Business process and workflow are terms that generate fairly tepid responses. Something akin to - are you looking forward to your dentist appointment tomorrow? That said - a big portion of what we all do on a daily basis is boiled down to process and workflow.
As our business has shifted from paper largely to systems, we can now find value in examining our process and workflow to do several things (that most stuff respond very well to):
The tool at the core of practices that has the most opportunity for workflow is CRM. We all use CRM, be it Outlook (not meant to be used as such), software-based solutions like GoldMine, or web-hosted systems such as Redtail, Salesforce and Smart Office.
In a previous column, we discussed the beginnings of capturing your process into documentation. This can then be used to operate, expand and train newcomers to your business. The next step is workflow - where the human processes you have identified can be connected to the systems you use to partially or in full, automate tasks.
Let’s take two examples to visualize this concept.
A practice in California that I have worked with had done a great job of documenting their process around these two central tasks. However, they were also underutilizing the CRM solution they had implemented.
There current process was to utilize two printed forms, one for prospects and one for clients, that detailed out each specific step, with a date field and an initials field. The staff would pass this document around, and as they executed tasks, signed and dated the form and passed it on.
This of course worked well in the team environment. They accommodated for when staff were out of office and the form did not get lost on any one team member’s desk at any time. What they discovered was that with each task, there may be a number of phone calls, notes and other bits of information that they did NOT capture in the CRM system.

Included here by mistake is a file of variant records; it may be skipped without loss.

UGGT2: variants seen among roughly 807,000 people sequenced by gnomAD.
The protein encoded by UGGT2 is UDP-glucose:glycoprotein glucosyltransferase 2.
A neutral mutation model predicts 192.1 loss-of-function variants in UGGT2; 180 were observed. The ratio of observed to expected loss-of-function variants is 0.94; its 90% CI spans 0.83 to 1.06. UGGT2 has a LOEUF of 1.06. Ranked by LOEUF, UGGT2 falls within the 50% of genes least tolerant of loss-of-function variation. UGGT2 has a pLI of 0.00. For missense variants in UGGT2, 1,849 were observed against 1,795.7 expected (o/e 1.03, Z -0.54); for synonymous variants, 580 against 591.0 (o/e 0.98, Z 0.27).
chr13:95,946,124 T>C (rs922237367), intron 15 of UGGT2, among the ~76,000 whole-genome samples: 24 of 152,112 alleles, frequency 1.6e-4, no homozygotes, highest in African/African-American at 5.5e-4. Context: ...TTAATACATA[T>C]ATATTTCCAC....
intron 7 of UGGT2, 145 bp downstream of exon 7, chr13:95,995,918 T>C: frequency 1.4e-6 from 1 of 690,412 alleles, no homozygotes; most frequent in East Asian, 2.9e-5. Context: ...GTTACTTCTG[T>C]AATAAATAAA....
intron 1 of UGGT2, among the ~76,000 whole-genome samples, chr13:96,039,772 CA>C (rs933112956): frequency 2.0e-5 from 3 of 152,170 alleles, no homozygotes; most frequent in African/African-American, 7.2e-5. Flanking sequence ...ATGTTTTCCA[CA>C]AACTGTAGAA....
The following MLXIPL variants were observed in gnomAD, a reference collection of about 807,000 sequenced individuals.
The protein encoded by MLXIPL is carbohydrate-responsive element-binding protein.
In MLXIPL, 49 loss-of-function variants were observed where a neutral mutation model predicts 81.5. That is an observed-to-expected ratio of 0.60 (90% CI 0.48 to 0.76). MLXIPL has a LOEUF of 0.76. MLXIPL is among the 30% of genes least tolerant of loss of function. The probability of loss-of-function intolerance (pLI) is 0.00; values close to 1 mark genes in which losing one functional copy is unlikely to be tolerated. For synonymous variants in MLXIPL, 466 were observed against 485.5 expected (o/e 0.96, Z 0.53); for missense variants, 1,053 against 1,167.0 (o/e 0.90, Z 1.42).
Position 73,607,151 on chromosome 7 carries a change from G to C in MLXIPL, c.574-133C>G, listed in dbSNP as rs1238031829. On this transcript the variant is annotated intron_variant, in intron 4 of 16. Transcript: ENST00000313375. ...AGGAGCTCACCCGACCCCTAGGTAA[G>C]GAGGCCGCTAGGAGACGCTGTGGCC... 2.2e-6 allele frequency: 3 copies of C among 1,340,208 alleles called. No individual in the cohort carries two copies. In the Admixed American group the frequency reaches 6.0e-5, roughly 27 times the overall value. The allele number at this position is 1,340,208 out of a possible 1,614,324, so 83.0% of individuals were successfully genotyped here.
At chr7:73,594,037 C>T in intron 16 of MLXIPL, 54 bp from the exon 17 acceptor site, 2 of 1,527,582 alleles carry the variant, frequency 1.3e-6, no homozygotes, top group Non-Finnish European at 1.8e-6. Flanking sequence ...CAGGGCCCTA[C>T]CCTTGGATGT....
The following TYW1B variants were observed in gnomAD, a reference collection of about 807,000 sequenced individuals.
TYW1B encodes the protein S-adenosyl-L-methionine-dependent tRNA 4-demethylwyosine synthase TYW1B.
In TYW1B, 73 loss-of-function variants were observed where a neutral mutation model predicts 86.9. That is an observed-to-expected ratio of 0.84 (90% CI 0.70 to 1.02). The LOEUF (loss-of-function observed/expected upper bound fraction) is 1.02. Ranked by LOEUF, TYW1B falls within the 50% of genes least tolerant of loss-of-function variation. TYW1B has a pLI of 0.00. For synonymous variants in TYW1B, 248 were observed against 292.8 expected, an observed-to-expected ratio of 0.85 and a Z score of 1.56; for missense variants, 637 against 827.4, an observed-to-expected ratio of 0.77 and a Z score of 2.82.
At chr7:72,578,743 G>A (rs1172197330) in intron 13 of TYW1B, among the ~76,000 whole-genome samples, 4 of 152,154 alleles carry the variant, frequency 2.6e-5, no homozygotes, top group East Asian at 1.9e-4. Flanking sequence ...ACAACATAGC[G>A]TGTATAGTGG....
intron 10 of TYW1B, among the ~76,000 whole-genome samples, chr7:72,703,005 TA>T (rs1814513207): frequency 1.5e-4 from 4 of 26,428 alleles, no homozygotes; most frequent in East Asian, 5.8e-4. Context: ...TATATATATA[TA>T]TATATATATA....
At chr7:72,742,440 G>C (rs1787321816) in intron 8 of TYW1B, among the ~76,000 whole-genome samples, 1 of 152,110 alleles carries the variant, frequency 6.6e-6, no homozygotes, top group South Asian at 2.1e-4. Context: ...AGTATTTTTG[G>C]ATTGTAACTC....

When special circumstances arose, there was not a knowledge base in CRM on various client activities. Of equal importance, they could not trend their book of business based on prospecting and client onboarding activities.
By taking the paper-based routine, and building the tasks (workflow steps) into their CRM system, this introduced several new features that not only captured more useful data about each prospect and client, but also created some efficiencies.
Much like we discussed in getting processes under control - you can simply take pencil to legal pad and list out the various workflows you have related to important processes. Your next step is to discuss these workflows with your CRM vendor and identify how you can leverage the system to leverage calendars, reminders and overall better integrate CRM into your business.
Many of the vendors marketing CRM that specifically target financial services providers support workflow in some fashion in their offerings. Some vendors offer it in their baseline system, while other will charge for an add-on or to customize generic workflows they already provide. If your CRM system is important to you - spend time discussing this with your provider to uncover opportunities.